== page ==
MCI Inc., which agreed this week to be acquired by Verizon Communications Inc., reported a much narrower first-quarter loss Thursday because of lower operating costs.
Shares in the long-distance phone company rose 21 cents to $25.50 on Nasdaq, below the price of at least $26 that Verizon had agreed to pay.
The company reported that it lost $2 million, or 1 cent a share, for the three months that ended March 31, compared with a loss of $388 million, or $1.19, a year earlier. Losses from continuing operations totaled $91 million, or 28 cents a share, compared with $386 million, or $1.18.
Revenue fell 11.6% to $4.79 billion.
The company said operating expenses fell sharply compared with a year earlier, when MCI incurred significant costs related to its reorganization.
MCI said it continued to expect 2005 revenue of $18 billion to $19 billion, in line with analysts' consensus estimate of $18.26 billion.
MCI revenue has dropped from $24.3 billion in 2003 to $20.7 billion in 2004 because of intense competition in the telecommunications industry.
The company saw its smallest revenue decrease in its enterprise segment, which serves large corporate and government customers. Revenue dropped 3% from the year-earlier quarter in this segment to $1.16 billion.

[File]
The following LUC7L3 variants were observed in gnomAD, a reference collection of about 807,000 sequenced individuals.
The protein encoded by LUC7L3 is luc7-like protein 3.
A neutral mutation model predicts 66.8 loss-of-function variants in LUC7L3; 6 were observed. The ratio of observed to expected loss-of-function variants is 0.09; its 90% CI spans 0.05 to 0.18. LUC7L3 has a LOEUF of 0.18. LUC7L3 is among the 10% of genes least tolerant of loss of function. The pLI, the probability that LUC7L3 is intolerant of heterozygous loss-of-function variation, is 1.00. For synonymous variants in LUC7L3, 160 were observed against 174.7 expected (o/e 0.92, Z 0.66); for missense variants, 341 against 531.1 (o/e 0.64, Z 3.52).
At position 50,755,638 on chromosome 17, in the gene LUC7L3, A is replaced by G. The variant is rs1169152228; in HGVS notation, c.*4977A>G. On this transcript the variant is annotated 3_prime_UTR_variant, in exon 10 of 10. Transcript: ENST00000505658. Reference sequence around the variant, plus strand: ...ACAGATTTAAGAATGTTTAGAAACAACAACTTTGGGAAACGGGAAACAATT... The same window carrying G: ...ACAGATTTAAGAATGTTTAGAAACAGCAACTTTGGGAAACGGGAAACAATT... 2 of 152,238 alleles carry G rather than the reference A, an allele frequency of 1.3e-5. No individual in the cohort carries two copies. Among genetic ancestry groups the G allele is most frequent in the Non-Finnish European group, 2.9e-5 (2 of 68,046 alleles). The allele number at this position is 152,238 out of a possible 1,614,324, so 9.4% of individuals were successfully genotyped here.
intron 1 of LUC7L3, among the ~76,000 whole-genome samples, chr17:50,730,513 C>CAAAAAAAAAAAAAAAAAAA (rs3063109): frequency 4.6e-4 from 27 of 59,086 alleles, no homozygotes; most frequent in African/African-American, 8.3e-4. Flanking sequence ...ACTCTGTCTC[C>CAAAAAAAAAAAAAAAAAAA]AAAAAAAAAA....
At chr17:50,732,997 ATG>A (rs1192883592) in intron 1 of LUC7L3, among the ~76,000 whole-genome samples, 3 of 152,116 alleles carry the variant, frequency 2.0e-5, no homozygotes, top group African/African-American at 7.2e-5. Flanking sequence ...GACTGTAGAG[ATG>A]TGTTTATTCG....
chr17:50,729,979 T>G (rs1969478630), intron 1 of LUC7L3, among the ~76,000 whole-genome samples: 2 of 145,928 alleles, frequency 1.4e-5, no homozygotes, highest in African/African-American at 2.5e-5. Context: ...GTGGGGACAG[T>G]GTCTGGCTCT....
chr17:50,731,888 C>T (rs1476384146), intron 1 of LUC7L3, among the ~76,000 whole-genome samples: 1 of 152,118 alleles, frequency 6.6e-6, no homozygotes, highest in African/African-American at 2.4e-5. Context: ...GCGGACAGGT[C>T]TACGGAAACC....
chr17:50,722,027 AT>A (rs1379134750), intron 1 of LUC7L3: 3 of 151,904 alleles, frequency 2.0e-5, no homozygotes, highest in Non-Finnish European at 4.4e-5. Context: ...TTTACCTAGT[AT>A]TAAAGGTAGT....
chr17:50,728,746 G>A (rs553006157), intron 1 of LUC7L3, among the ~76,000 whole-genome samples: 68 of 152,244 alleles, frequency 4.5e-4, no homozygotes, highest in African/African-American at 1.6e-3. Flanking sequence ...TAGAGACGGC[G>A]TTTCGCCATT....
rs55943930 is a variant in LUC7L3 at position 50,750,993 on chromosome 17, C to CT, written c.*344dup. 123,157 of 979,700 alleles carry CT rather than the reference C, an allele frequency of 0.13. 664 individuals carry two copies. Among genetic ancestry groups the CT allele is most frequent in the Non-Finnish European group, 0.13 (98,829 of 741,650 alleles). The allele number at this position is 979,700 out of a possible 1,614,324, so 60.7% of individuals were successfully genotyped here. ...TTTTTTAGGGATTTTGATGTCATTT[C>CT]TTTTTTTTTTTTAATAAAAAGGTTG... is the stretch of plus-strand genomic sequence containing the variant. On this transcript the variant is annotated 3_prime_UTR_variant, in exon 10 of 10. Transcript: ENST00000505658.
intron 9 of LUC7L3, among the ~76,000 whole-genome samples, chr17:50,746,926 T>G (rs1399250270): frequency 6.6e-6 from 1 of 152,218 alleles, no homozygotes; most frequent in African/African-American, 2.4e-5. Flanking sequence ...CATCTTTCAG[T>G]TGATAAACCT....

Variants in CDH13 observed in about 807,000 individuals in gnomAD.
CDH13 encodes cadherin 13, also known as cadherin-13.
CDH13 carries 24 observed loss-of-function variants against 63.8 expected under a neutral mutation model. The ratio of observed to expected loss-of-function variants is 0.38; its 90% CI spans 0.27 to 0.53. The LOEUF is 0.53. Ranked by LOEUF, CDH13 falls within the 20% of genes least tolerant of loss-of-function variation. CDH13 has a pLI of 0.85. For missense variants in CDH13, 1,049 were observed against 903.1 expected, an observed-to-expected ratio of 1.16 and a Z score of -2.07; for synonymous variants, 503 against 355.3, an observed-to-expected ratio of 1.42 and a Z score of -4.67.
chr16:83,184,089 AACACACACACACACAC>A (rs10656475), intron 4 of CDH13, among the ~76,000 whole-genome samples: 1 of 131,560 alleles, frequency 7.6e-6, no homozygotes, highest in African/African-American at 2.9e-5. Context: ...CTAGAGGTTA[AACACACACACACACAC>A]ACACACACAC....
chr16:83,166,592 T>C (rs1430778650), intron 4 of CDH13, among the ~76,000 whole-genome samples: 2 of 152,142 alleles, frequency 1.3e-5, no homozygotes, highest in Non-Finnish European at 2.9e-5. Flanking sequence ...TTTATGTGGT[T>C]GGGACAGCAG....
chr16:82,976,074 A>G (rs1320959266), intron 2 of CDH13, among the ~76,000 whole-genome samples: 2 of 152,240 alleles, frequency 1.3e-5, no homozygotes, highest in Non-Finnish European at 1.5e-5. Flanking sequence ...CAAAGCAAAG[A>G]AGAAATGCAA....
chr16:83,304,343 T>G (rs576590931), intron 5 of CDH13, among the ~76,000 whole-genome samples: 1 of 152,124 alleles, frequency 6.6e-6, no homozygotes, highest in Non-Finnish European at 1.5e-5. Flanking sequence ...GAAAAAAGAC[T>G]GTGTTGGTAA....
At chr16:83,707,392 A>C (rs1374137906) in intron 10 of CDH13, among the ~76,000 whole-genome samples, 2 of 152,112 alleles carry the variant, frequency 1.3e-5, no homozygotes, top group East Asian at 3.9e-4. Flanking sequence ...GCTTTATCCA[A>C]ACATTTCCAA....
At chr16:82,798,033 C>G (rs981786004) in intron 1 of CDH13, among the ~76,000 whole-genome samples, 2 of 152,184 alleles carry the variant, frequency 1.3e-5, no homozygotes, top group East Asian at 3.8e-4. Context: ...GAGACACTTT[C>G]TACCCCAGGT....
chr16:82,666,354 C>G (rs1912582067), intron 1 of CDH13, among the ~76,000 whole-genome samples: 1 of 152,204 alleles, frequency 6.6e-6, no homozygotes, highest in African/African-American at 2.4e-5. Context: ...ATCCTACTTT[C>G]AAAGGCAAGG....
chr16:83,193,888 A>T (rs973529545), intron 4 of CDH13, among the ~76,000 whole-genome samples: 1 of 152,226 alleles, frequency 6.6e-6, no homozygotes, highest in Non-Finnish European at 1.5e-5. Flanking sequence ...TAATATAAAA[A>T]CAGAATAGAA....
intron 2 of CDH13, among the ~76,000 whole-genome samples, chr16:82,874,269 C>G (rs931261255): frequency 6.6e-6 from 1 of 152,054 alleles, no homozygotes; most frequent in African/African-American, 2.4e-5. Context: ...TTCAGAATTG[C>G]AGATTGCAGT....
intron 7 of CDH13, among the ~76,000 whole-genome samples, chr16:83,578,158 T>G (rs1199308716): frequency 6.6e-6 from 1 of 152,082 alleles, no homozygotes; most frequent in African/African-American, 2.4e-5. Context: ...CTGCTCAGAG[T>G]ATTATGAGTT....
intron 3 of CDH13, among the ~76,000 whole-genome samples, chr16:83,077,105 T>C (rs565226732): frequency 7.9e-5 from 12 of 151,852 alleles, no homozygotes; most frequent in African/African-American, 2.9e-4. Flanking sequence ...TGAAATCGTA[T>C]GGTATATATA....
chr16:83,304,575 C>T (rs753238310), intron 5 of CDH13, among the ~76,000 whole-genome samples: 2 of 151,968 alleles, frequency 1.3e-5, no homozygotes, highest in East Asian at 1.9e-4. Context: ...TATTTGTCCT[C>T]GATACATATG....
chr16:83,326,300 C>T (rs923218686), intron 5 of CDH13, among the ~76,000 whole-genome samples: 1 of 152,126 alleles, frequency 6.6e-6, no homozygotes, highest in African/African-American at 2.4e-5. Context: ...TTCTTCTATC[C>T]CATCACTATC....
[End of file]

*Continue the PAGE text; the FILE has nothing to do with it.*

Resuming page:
Ashburn, Va.-based MCI's roster of major corporate clients was cited as a big reason that Verizon and rival Qwest Communications International Inc. were pursuing the company.
MCI this week accepted an $8.5-billion buyout offer from Verizon that was 13% below the $9.75 billion offered by Qwest. MCI said it was worried about Qwest's high debt level.
During a conference call with analysts Thursday, MCI executives made only passing comments about the decision to merge with Verizon. Chief Financial Officer Robert Blakely said the company hoped to hold a shareholder vote on the deal this summer and that the Verizon deal was "in the best interests of shareholders, employees and customers."
Also Thursday, Verizon Chairman and Chief Executive Ivan Seidenberg said he did not expect any other companies to bid for MCI.
But Qwest's CFO, Oren Shaffer, did not rule out some further action toward MCI in comments to an investor conference Thursday. Several large MCI shareholders repeatedly supported Qwest's bids over Verizon's offers, and a couple have said Qwest could pursue a proxy fight for MCI.
Associated Press and Reuters were used in compiling this report.